This is, in a nutshell, the main reason why this special edition of «Diacritica» relates particularly to the transmedial implications and effects of Pasolini’s œuvre, referring to the main theorem of transculturality (in German: Transkulturalität) as defined by German philosopher Wolfgang Welsch (b. 1946) since the 1990s. As will be defined more precisely in the article about the Theoretical Approaches to Transculturalism, according to the history of ideas, Welsch’s notion of transculturality is based on the neologism of transculturation (in Spanish: transculturación) coined by the Cuban sociologist, anthropologist, essayist, politician, musicologist, and cultural theorist Fernando Ortiz (1881-1969).

Finally, we are thankful to Pasolini’s intellectual wealth and never-ending inspirational power, which make of him as an artist just as much a symbolic personification of transculturality, as Ortiz and Welsch portray on a scientific level, and to which we owe the reflections and suggestions that the reader can now enjoy in the single chapters.

Selected bibliography:

  • L. Bond, J. Rapson (Ed.) The Transcultural Turn: Interrogating Memory Between and Beyond Borders, Berlin, Walter de Gruyter, 2014 (Media and Cultural Memory, vol. 15);
  • R. Calabretta-Sajder (Ed.) Pasolini’s Lasting Impressions. Death, Eros, and Literary Enterprise in the Opus of Pier Paolo Pasolini, Madison/Teaneck, Fairleigh Dickinson University Press, 2018;
  • A. Felice, A. Larcati and A. Tricomi (Ed.) Pasolini oggi: fortuna internazionale e ricezione critica, Venezia, Marsilio | Casarsa della Delizia, Centro studi Pier Paolo Pasolini, 2016;
  • A. Gramsci, La questione meridionale [1924/1966],; online:;
  • C. Maeder, A. Mélan (Ed.) Culture queer. Les héritiers de Pasolini, Louvain-la-Neuv, Presses universitaires de Louvain, 2019;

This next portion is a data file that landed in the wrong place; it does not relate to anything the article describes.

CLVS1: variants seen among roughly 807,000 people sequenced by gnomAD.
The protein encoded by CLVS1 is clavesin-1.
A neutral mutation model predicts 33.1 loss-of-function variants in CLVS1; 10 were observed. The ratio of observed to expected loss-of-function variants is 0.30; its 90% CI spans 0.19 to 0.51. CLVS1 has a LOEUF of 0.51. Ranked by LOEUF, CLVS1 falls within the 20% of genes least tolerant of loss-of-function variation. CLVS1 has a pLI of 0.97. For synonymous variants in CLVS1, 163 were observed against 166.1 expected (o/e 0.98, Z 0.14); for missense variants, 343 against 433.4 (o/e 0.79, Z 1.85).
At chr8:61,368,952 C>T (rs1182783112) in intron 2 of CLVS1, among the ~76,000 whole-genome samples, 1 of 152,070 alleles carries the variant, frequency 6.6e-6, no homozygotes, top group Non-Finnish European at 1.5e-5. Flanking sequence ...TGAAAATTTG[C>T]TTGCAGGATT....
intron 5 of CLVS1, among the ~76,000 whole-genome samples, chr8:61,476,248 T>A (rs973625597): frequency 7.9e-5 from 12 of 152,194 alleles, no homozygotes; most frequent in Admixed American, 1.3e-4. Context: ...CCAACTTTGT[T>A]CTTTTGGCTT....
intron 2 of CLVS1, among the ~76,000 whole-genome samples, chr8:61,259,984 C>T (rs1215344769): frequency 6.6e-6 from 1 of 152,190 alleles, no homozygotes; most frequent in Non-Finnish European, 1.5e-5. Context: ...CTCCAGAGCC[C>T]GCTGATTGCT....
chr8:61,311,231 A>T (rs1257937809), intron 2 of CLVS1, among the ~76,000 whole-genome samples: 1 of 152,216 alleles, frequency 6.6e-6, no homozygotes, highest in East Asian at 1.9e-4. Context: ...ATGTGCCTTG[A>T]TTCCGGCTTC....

• F. Ortiz, Cuban Counterpoint: Tobacco and Sugar [1995], Trans. Harriet De Onís, with an introduction by B. Malinowski, Durham/London, Duke University Press, 20034 ;
  • P. P. Pasolini, L’odore dell’India. Con “Passeggiatina ad Ajanta” e “Lettera da Benares”, Preface by G. Pressburger, Milan, Garzanti, 2009;
  • Id., La lunga strada di sabbia, photos by Philippe Séclier, Rome, Contrasto, 2014;
  • Id., Comizi d’amore, edited by G. Chiarcossi and M. D’Agostini, photos by M. Dondero and A. Novi, Rome, Contrasto, 2015;
  • D. Pontuale, La Roma di Pasolini. Dizionario urbano, Roma, Nova Delphi, 2021;
  • D. Reichardt, On the Theory of a Transcultural Francophony. The Concept of Wolfgang Welsch and its Didactic Interest, in «Transnational 900. Novecento transnazionale. Letterature, arti e culture» / «Transnational 20th Century. Literatures, Arts and Cultures», vol. 1, n. 1 (ISSN: 2532-1994 doi: 10.13133/2532-1994_1.4_2017 Open access article licensed under CC-BY), March 2017, pp. 40-56; online:;
  • Ead., Creating Notions of Transculturality: The Work of Fernando Ortiz and his Impact on Europe, in Komparatistik: Jahrbuch der Deutschen Gesellschaft für Allgemeine und Vergleichende Literaturwisssenschaft 2017, edited by Joachim Harst, Christian Moser and Linda Simonis. Under the supervision of the Board of the German Society for General and Comparative Studies of Literature, Bielefeld, Aisthesis, 2018, pp. 67-82;
  • Ead., Pasolinis unvollendete Vollkommenheit. Eine transkulturelle Relektüre von PornoTheoKolossal in deutscher Übersetzung. Accompanying text authored by Dagmar Reichardt, in Porno – Theo – Kolossal. Pasolinis letztes Filmprojekt, authored by Pier Paolo Pasolini. Trans. Dagmar Reichardt. Edited by Dagmar Reichardt and Reinhold Zwick (Ed.), with accompanying texts by the two editors, Marburg, Schüren, 2022, pp. 137-202;
  • D. Reichardt, I. Scego, Transculturalismo, in Enciclopedia Italiana di scienze, lettere ed arti – Decima Appendice [former title: Parole del XXI Secolo], Encyclopedia edited by Istituto della Enciclopedia Italiana fondata da Giovanni Treccani, Vol. 2 (L-Z), Rome 2020, pp. 649-52;
  • L. Spalanca, Pier Paolo Pasolini: polemico – passionale – proteiforme, Palermo, Navarra Editore, 2019;
  • W. Welsch, Transculturality: The Puzzling Form of Cultures Today, in Spaces of Culture: City, Nation, World. Ed. Mike Featherstone and Scott Lash, London et al., Sage, 1999, pp. 194-213;
  • G. Zigaina and C. Steinle (Ed.) P. P. Pasolini oder die Grenzüberschreitung | Organizzar il trasumanar, Venezia, Marsilio/Oberbaum Verlag, 1996;
  • G. Zigaina and D. Tarozzi (Ed.) Organizzar il trasumanar. Pier Paolo Pasolini: cristiano delle origini o gnostico moderno | Das Überschreiten organisieren. Pier Paolo Pasolini: Urchrist oder moderner Gnostiker, Venezia, Marsilio/Centro Studi di Pier Paolo Pasolini, 2011.

(fasc. 44, 25 maggio 2022, vol. I)